Long before the concept of °Culturally Responsive° instructional materials hit the top three billboard of educational reforms, I was keenly aware of the importance of recognizing one’s individual cultural values and their critical importance of incorporating those values into educational materials, and practices.
I was able to conceive and produce over four new series, and contributed to the revision of many more. After a long and fruitful seven years with Pearson, Houghton Mifflin Harcourt became my new professional home. In the six years that followed I would successfully manage sales for their curricula, supplemental, intervention, and assessment lines, first as a Field Sales Manager, then a Director of Sales, and eventually as Vice President for the Northeast Region. Finally, in late 2020, I left my post at HMH and focused on consultative and advisory work, particularly for companies looking to expand their presence into the K-12 US Educational Market.
What inspired you to get involved with management consulting?
My inspiration for getting involved in educational sales and consulting came early in my career as a teacher, when I realized the pervasive lack of resources available to students in the primary grades. I realized, at that point, that I could be a greater multiplying force by bringing valuable resources to these students.
How did you get your first client / customer?
Growing up in a busy, Italian, urban setting, playing street soccer was a daily activity for any kid in my neighborhood. We played in an abandoned lot that had a tiered retaining lot and often balls would get lost, usually ending our game, unless of course we could scrounge up the money to run to the local corner store to buy a new ball. One day I climbed to the top of the terrace and retrieved about a dozen soccer balls. I sold all of them to local kids for half the price of a new ball and with the proceeds I opened up my very first business, a used soccer ball stand.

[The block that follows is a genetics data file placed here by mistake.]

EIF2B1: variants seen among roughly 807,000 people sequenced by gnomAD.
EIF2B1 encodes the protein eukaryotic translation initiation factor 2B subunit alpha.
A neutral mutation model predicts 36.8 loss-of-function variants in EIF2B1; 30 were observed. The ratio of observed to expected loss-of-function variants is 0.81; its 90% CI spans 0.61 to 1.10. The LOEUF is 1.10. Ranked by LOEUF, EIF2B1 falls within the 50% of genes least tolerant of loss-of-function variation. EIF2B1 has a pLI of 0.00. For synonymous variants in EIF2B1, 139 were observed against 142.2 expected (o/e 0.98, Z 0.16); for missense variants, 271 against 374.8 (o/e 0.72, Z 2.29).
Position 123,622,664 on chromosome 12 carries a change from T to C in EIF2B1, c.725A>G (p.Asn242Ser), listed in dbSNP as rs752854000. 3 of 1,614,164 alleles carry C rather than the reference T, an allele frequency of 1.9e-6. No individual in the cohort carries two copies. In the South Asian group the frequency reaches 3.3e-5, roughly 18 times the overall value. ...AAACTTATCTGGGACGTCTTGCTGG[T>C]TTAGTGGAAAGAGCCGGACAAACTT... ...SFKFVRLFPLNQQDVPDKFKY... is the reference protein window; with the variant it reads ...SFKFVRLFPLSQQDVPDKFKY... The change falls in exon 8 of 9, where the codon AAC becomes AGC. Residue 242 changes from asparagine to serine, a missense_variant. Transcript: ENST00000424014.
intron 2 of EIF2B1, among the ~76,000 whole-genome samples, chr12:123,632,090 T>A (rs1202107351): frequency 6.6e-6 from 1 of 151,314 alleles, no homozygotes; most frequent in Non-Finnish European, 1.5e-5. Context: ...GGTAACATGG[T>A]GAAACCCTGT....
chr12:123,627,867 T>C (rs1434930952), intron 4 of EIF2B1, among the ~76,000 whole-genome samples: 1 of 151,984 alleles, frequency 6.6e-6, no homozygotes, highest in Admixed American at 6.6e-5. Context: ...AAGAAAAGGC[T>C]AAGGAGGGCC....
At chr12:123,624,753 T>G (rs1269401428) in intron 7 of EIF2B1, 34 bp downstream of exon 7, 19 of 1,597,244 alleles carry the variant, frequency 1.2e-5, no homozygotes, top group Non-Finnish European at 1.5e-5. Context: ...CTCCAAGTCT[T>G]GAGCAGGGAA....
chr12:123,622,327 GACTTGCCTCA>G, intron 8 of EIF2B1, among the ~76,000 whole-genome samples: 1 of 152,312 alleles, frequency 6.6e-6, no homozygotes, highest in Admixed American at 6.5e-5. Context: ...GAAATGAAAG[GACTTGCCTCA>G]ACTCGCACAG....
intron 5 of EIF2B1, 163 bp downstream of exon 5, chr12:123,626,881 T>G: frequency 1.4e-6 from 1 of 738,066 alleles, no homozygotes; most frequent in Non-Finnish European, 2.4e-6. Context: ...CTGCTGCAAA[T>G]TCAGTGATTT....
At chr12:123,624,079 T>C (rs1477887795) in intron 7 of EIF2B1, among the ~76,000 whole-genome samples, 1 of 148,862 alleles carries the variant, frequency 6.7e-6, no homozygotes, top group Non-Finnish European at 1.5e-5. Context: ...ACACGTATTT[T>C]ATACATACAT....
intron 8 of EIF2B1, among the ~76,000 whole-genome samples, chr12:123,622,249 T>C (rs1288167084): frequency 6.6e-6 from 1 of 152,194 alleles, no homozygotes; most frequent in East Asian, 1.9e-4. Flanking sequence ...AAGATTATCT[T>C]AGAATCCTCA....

What is one marketing strategy (other than referrals) that you’re using that works really well to generate new business?
Relationship selling. Educational sales, in many ways is a market where great attention is placed upon key districts (aka light-house districts). To penetrate such districts and establish a solid footprint via an efficacy study/implementation pilot, or a managed focus group allows the company to create a user-base to be leveraged in its expansion strategies.
What is the toughest decision you’ve had to make in the last few months?
The most difficult decision I’ve recently had to make is to select which up and coming company to partner with and drive their expansion. This is a new and growing field and there are many promising entities and start-ups that are poised to provide exactly what the market needs at this moment.
What is the biggest challenge you are facing right now?
To design and deliver an instructional ecosystem that is both culturally responsive and pedagogically viable. Unfinished and/or interrupted education are plaguing young students now more than ever. Technology infrastructure, access, and a sustainable implementation strategy will determine the rate of recovery for our current generation of students.
What do you think it is that makes you successful?
Empathy with a knack for problem solving and a strong desire to bring the best out of people.
What has been your most satisfying moment in business?
I think the most satisfying moment in business is to watch my strategies and coaching transform underachieving contributors into most valuable players.
What is the one book that you recommend everyone should read and why?
Make Your Bed: Little Things That Can Change Your Life… And Maybe the World by Admiral William H. McRaven. It is an easy read, and it speaks to the importance of resiliency, and grit in life and business. These are the qualities that are truly foundational to success and a well-balanced life.